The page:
The parents of a 19-month-old Fermanagh toddler wept on Wednesday as a Sligo-based student was cleared of causing the death of their son Ryan in a horrific crash almost three years ago.
Peter and Katriona Cox shook their heads as the Dungannon Crown Court jury acquitted the former University of Ulster student, John Michael Fahy, from Groagagh Grange in Sligo, of causing the death of baby Ryan, and injuring his mother, by careless driving on the Boa Island Road outside the border town of Belleek on January 14, 2013.
It had taken the jury of six men and six women just under an hour and forty-five minutes to unanimously acquit the 25-year-old fourth-year architectural student of the two charges of causing death and grevious bodily injury by careless driving.
By their verdicts, the jury accepted Mr Fahy’s account of the crash and rejected the prosecution case that through either “inexperience or over-steering” he had driven into the path of Mrs Cox’s car.
Afterwards neither Mr or Mrs Cox, or Mr Fahy wished to comment on the case or the verdicts.
The student had told the court that after rounding a bend in his borrowed Renault Megane car near the entrance to Castle Caldwell forest he “apparently” saw another, Mrs Cox’s Peugeot 307, in his lane, and heading straight for him.
He flashed his lights, and in the split second open to him, felt he had nowhere to go.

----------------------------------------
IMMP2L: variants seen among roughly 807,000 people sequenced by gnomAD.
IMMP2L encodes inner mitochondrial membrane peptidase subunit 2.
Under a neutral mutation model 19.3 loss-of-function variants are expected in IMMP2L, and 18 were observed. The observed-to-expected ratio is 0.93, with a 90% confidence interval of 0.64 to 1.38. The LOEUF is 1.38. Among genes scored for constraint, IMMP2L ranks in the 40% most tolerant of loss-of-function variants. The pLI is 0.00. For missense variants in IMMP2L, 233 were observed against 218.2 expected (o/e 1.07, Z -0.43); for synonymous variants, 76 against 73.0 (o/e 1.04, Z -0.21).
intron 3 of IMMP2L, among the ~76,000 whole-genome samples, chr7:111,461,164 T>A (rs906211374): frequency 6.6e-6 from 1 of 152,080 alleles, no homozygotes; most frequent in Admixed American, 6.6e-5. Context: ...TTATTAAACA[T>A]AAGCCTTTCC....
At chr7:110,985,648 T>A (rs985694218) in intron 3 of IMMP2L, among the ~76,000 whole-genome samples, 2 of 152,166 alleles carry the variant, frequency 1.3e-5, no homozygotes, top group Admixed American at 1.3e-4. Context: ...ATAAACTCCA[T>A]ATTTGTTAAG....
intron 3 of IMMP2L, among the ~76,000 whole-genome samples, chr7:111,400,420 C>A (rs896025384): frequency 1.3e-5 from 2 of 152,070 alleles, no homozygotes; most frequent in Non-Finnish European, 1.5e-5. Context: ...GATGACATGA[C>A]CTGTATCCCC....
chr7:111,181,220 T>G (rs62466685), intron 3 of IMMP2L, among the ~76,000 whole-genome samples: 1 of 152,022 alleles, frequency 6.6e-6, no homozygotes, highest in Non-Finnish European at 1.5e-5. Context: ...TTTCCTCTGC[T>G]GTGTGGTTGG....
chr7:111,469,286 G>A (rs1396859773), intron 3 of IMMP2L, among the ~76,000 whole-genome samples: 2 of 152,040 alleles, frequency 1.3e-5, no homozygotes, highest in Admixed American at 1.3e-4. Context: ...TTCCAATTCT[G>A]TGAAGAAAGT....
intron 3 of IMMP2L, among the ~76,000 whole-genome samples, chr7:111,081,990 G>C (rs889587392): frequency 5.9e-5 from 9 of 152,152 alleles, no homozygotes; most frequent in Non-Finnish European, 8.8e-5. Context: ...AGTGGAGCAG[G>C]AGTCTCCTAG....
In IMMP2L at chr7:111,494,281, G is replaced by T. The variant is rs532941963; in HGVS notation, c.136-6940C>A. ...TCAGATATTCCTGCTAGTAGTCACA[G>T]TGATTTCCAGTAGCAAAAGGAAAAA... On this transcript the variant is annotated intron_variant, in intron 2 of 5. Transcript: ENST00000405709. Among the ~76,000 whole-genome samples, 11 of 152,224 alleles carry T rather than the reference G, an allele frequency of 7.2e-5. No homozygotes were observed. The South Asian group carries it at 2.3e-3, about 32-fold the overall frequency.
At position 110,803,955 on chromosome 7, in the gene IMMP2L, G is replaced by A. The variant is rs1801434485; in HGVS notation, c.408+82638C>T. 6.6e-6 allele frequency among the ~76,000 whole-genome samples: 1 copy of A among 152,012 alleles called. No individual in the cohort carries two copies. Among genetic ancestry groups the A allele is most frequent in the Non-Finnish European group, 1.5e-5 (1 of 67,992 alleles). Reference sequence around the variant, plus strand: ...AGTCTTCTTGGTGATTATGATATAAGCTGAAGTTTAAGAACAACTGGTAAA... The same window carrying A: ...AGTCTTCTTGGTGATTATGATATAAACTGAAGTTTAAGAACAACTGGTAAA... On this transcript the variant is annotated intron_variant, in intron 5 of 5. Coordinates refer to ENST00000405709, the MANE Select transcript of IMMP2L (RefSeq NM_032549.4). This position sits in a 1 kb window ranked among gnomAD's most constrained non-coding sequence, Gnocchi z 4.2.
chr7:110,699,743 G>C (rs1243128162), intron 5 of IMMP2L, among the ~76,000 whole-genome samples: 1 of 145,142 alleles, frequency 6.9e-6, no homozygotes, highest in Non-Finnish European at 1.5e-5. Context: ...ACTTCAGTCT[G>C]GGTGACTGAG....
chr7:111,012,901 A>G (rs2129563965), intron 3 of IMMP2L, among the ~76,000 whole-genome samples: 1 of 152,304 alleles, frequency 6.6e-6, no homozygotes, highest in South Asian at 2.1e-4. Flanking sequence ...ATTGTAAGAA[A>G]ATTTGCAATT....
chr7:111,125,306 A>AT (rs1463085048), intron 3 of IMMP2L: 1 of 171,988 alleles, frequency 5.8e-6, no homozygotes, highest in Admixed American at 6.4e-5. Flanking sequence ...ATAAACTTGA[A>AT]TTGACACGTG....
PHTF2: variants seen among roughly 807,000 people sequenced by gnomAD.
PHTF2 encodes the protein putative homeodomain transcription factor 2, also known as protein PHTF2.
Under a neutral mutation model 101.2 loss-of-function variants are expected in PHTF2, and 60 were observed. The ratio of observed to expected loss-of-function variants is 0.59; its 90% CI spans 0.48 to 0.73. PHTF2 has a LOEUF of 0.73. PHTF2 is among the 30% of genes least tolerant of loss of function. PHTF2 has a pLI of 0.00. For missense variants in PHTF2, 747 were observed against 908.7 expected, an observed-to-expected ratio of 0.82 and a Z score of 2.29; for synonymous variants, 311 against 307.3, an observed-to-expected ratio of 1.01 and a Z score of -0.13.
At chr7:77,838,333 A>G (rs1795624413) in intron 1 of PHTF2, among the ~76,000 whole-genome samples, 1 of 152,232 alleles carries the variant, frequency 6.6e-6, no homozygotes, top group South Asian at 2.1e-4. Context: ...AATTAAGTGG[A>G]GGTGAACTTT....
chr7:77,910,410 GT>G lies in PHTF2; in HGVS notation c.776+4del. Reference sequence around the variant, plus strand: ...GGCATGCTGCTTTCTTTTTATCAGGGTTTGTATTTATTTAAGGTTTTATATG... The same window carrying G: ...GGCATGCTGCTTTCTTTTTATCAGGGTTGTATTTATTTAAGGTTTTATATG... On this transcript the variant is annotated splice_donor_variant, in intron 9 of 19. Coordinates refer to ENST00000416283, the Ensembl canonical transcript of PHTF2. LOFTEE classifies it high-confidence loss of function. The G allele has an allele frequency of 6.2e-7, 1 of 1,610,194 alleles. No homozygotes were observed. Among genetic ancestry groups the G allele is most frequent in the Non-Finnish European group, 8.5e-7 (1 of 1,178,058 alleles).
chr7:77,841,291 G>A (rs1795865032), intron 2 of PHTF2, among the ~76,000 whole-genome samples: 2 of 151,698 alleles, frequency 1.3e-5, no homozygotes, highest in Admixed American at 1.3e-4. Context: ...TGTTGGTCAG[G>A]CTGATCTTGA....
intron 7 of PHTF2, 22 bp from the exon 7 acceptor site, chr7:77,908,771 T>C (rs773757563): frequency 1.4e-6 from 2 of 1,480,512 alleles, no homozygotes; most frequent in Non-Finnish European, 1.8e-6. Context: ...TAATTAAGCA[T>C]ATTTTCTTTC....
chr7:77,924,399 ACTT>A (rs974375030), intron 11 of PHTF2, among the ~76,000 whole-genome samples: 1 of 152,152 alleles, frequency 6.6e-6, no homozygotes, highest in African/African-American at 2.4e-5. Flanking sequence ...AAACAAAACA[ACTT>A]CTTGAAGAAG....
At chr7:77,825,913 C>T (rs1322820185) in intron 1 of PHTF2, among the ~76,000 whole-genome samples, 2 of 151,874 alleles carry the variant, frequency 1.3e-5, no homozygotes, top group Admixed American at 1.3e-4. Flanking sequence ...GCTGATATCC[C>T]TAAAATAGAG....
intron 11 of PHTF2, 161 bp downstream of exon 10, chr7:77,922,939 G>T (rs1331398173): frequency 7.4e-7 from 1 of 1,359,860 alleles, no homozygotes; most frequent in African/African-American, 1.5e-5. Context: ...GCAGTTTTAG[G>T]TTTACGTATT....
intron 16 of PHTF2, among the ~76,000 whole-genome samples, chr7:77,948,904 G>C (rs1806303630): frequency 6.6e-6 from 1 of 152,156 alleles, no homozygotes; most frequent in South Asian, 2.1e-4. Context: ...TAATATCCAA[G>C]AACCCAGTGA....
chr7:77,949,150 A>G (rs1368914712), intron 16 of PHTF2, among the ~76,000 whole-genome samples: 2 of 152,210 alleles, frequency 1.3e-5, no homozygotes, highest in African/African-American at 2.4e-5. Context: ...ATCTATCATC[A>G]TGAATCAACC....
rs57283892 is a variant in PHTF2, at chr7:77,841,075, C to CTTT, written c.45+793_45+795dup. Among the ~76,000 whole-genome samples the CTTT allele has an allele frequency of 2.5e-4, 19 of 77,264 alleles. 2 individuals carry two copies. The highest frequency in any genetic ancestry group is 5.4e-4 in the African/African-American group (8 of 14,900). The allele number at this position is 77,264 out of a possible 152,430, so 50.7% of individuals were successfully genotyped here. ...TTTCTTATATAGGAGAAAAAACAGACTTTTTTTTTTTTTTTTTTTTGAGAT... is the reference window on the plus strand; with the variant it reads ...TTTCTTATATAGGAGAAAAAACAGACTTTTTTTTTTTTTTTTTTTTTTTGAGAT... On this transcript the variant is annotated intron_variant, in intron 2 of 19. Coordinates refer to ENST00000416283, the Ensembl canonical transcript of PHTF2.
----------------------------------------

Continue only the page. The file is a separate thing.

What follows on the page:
His Renault Meegane car began spinning out of control, then someone was asking him about his mobile phone.
The next thing he remembered was waking in hospital.
The student, who now hopes to complete his final year of studies, gave evidence on his own behalf during which he refuted the prosecution contention that there was “a very simple explanation” for the crash – that he caused it and knew he had.
“That’s not true,” Mr Fahy told his trial.
During the four days of evidence, the jury heard that Mr Fahy was driving a Megane car – loaned to him by a local garage – from his Sligo home to his student digs in the Lisburn Road area of Belfast.
While at the exact time of the accident it was not raining, the weather was grey, overcast and the road was wet following a massive hail shower.
Mr Fahy testified he was “in no hurry”, and Donegal artist Heather Cassidy – also on her way to Belfast – told how prior to the crash the student’s driving was careful and proper.
The court also heard that Mrs Cox not only remembers nothing of the collision, she has “very little recollection of the whole day”.
She had been on her way to Ballyshannon to meet up with her sister Noreen.
The next thing she remembered was waking up in hospital and her sister asking if she remembered anything about a road crash.
Following the crash, Mrs Cox was transferred to Altnagelvin Hospital in Londonderry in a medically induced coma, while staff in the then Southwest Acute Hospital in Enniskillen battled for nearly six hours to save the life of baby Ryan.
A post-mortem carried out two days later in Belfast revealed that the toddler died from whiplash-type injuries caused by swelling and bruising of the spinal cord in his neck.
Pathologist Charlotte Randall, in a statement read to the court, reported that: “This type of spinal injury had probably been caused by an acceleration-deceleration injury to his neck as a result of the impact [of the two vehicles].”